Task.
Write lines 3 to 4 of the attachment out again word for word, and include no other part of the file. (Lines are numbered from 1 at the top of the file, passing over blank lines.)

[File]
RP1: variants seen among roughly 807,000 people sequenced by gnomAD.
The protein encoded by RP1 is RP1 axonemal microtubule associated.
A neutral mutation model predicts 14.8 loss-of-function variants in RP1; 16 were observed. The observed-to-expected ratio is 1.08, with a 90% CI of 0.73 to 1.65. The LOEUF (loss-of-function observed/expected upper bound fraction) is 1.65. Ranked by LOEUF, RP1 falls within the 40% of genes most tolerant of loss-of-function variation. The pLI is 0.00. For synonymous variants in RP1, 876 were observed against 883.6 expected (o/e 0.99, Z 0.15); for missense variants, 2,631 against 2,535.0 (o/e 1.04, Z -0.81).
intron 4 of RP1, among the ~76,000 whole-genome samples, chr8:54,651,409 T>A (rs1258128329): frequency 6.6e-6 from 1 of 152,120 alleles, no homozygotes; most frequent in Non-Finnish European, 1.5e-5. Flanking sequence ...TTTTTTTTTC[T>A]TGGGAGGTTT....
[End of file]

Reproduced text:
A neutral mutation model predicts 14.8 loss-of-function variants in RP1; 16 were observed. The observed-to-expected ratio is 1.08, with a 90% CI of 0.73 to 1.65. The LOEUF (loss-of-function observed/expected upper bound fraction) is 1.65. Ranked by LOEUF, RP1 falls within the 40% of genes most tolerant of loss-of-function variation. The pLI is 0.00. For synonymous variants in RP1, 876 were observed against 883.6 expected (o/e 0.99, Z 0.15); for missense variants, 2,631 against 2,535.0 (o/e 1.04, Z -0.81).
intron 4 of RP1, among the ~76,000 whole-genome samples, chr8:54,651,409 T>A (rs1258128329): frequency 6.6e-6 from 1 of 152,120 alleles, no homozygotes; most frequent in Non-Finnish European, 1.5e-5. Flanking sequence ...TTTTTTTTTC[T>A]TGGGAGGTTT....